# Power rule Question

From my understanding, we can't use the power rule when $x$ is being modified. So how can we use power rule on derivative of $(x+1)^2$? I know that we could expand it and find the derivative of each part (and add these together), but I receive the same answer when bring down the two and multiply through. Is this just a coincidence?

• Here is a tutorial on how to typeset mathematics on this site. Feb 20, 2018 at 22:00
• Chain rule..... Feb 20, 2018 at 22:02
• No... if $\dfrac{d}{dx}(x+1)^2$ wasn't equal to $\dfrac{d}{dx}(x^2+2x+1)$ then you'd break math. Feb 20, 2018 at 22:03
• What you did works only when the derivative of the enclosed function is equal to $1$. That won't work the same if you only use the power rule to differentiate $(5x+3)^2$, or $(x^3+5)$ Feb 20, 2018 at 22:11
• @Dude156 You are using power and chain rules. When you are using power rule, you are not touching base $(x+1)$ but when differenting $(x+1)$ in chain rule as a second necessary operation you can change it. Feb 20, 2018 at 23:25

## 3 Answers

Chain rule, let $y=x+1$,then \begin{align}\frac{d}{dx}(x+1)^2&=\frac{d}{dx}y^2\\&=\frac{d}{dy}y^2\frac{dy}{dx}\\&=2y \frac{dy}{dx}\\&=2y\\&=2(x+1) \end{align}

Of course, eventually, we no longer write down $y$ explicitly after sufficient practice.

• So why can't we use a similar method when finding the derivative of sec x? Feb 20, 2018 at 22:10
• hmmm... what do you mean by similar method when finding $\frac{d}{dx} \sec x$? Feb 20, 2018 at 22:15
• Ok so say we write $sec(x)$ as $1/cos(x)$ now we replace cos(x)=y. Now we take the derivative of $y^(-1)$. This gives us $-y^(-2)$. Thus substituting back cos(x) we get $-sec(x)^2$. This is incorrect though, as the correct answer should be $tan(x)*sec(x)$ Feb 20, 2018 at 22:18
• You also need to take the derivative of $\cos x$, so the derivative is $$\frac{-\sin x}{-\cos(x)^2} = \tan x \cdot \sec x$$ So $$(\sec x)' = (\frac 1{\cos x})' = (\cos x)'\cdot (\cos^{-1} x)' = \tan x \cdot \sec x$$ Feb 20, 2018 at 22:31

The answer is that you can use the power rule sometimes if the $x$ is being modified. To be as thorough as possible, I'll assume you haven't learned about Chain Rule yet.

Remember that when you find the derivative of, say, $x^3$, you're finding the rate of change of that function. Now take something like $(3x^2+1)^4$; it makes sense that the rate of change of this should depend not only on that $x^4$ nature of the function, but also on the rate of change of that part inside the parentheses. There is a more specific way to say this, called Chain Rule.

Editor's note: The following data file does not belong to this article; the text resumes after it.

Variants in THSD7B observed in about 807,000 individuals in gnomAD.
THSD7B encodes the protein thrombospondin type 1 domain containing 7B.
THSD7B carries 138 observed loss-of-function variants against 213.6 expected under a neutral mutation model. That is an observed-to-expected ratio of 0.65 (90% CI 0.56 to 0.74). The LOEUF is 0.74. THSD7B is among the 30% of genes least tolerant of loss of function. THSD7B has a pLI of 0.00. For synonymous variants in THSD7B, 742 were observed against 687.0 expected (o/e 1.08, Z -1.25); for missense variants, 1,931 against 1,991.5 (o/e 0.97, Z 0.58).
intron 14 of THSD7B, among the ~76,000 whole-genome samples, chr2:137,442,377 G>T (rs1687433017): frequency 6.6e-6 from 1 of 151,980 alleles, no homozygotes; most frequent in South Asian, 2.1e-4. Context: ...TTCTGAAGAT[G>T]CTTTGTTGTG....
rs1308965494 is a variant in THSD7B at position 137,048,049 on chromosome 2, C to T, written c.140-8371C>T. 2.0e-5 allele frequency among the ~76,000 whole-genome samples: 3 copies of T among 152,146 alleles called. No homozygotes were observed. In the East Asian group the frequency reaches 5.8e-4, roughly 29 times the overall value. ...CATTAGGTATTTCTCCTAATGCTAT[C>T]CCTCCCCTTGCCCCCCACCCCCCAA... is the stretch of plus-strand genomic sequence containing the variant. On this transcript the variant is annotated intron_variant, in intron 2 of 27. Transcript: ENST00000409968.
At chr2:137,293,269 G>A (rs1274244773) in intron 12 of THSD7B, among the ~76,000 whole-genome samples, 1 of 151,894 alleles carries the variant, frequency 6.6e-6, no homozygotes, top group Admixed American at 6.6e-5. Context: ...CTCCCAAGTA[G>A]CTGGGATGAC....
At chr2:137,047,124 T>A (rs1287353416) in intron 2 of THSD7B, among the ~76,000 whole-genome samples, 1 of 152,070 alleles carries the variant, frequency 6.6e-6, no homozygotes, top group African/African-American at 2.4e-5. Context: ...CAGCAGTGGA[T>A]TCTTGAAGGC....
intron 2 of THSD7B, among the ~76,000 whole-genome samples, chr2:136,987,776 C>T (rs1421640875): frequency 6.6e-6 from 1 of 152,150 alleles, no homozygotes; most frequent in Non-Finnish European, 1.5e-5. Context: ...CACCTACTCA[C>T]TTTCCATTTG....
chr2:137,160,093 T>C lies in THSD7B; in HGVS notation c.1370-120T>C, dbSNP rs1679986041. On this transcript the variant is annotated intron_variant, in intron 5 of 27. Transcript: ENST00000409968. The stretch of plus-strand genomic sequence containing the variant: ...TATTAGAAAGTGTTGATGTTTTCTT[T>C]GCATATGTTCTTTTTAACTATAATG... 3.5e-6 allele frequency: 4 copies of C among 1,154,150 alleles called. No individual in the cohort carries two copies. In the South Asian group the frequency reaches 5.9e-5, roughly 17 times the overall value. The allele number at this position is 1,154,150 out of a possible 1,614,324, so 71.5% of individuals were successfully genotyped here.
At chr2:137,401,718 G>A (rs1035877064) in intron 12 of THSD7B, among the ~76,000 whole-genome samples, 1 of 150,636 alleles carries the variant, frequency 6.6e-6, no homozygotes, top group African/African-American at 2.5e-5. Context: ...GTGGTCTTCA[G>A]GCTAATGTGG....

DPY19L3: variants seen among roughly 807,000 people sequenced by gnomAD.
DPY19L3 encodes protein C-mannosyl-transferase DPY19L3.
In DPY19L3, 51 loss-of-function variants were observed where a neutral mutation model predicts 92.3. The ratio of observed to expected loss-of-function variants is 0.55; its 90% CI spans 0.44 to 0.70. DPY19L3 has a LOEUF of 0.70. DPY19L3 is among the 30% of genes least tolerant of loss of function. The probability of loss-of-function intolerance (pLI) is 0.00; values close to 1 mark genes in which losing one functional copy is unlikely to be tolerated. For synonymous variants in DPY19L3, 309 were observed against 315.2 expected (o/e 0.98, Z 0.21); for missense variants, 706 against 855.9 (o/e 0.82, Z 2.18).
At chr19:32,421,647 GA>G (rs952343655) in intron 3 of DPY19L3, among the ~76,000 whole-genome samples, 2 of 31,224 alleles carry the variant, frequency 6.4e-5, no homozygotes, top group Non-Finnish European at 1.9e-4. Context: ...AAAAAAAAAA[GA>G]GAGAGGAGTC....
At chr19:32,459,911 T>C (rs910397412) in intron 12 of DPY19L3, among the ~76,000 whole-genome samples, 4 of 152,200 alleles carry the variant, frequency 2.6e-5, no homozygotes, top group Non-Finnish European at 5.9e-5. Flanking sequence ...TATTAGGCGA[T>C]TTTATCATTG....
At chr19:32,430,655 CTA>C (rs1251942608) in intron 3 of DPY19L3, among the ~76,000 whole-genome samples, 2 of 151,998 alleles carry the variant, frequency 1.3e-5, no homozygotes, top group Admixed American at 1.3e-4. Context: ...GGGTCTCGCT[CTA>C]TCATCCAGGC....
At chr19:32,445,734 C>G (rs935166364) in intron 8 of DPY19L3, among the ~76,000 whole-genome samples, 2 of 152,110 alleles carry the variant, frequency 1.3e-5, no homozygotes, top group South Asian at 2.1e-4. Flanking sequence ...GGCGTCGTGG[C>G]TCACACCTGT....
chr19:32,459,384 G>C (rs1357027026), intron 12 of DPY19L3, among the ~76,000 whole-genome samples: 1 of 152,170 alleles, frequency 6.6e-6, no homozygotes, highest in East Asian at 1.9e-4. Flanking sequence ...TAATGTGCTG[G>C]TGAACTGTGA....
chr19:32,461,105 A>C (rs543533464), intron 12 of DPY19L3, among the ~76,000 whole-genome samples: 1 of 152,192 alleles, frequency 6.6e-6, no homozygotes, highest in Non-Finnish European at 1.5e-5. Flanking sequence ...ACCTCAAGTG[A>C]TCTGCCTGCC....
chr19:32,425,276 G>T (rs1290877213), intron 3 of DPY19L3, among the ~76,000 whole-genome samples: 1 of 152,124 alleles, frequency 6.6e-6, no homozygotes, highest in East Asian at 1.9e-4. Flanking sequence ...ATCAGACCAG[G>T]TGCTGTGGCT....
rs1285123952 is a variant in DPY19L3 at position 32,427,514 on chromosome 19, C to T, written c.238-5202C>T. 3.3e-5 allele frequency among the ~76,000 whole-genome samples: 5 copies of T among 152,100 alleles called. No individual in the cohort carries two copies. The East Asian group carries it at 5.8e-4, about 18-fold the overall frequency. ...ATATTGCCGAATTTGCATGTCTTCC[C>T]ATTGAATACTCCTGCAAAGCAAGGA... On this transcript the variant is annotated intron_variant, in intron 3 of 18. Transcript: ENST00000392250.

The Chain Rule says that when you have a composition of two functions, that is, $f(g(x))$, then the derivative is given by $$\frac{d}{dx}f(g(x))=g'(x)f'(g(x))\text{, or }\frac{dg}{dx}*\frac{df}{dg}$$ This is more often remembered as "the inside times the outside". The proof for this is a bit involved, but Wikipedia has 3 different versions if you're interested.

For example, let's take the derivative of that function from before, $(3x^2+1)^4$. Chain rule says we take the derivative of the inside, $6x$, and multiply it by the derivative of the outside (ignoring the inside), which is $4(3x^2+1)^3$. This gives us our answer: $$\frac{d}{dx}(3x^2+1)^4=6x*4(3x^2+1)^3=24x(3x^2+1)^3$$

Now we can return to your observation. Let's apply chain rule to your function, $(x+1)^2$: $$\frac{d}{dx}(x+1)^2=1*2(x+1)^1=2x+2$$ Now you can see why the Power Rule appears to work on this: when we use Chain Rule, the derivative of the inside is just 1, so it doesn't affect the result. Instinctively, this makes sense, since the whole point of Chain Rule is to account for how much the inside changes, and $x+1$ changes just as fast as $x$.

Notice that there isn't anything special about $x+1$. We could have used anything which has a derivative of $1$, like $x+3$, or even $x+999,999$. But be careful; as soon as the derivative inside is no longer $1$, like with $2x+1$ or $\frac{x}{2}+3$, Chain Rule is no longer trivial.

EDIT: As an addendum, I'll demonstrate chain rule using the example from the comments on another answer, $\sec(x)$. $$\frac{d}{dx}\sec(x)=\frac{d}{dx}(\cos(x))^{-1}=-\sin(x)*-1(\cos(x))^{-2}=\frac{\sin(x)}{\cos^2(x)}=\tan(x)\sec(x)$$

Claim $$\frac{d}{dx}(x+c)^n=n(x+c)^{n-1}$$ for all $c\in\mathbb{R}$. Indeed by the binomial theorem $$(x+c+h)^n=(x+c)^n+n(x+c)^{n-1}h+\binom{n}{2}(x+c)^{n-2}h^2+\dotsb+h^n$$ so \begin{align} \lim_{h\to0}\frac{(x+c+h)^n-(x+c)^n}{h}&=\lim_{h\to0}\,[n(x+c)^{n-1}+\binom{n}{2}(x+c)^{n-2}h+\dotsb+h^{n-1}]\\ &=n(x+c)^{n-1} \end{align}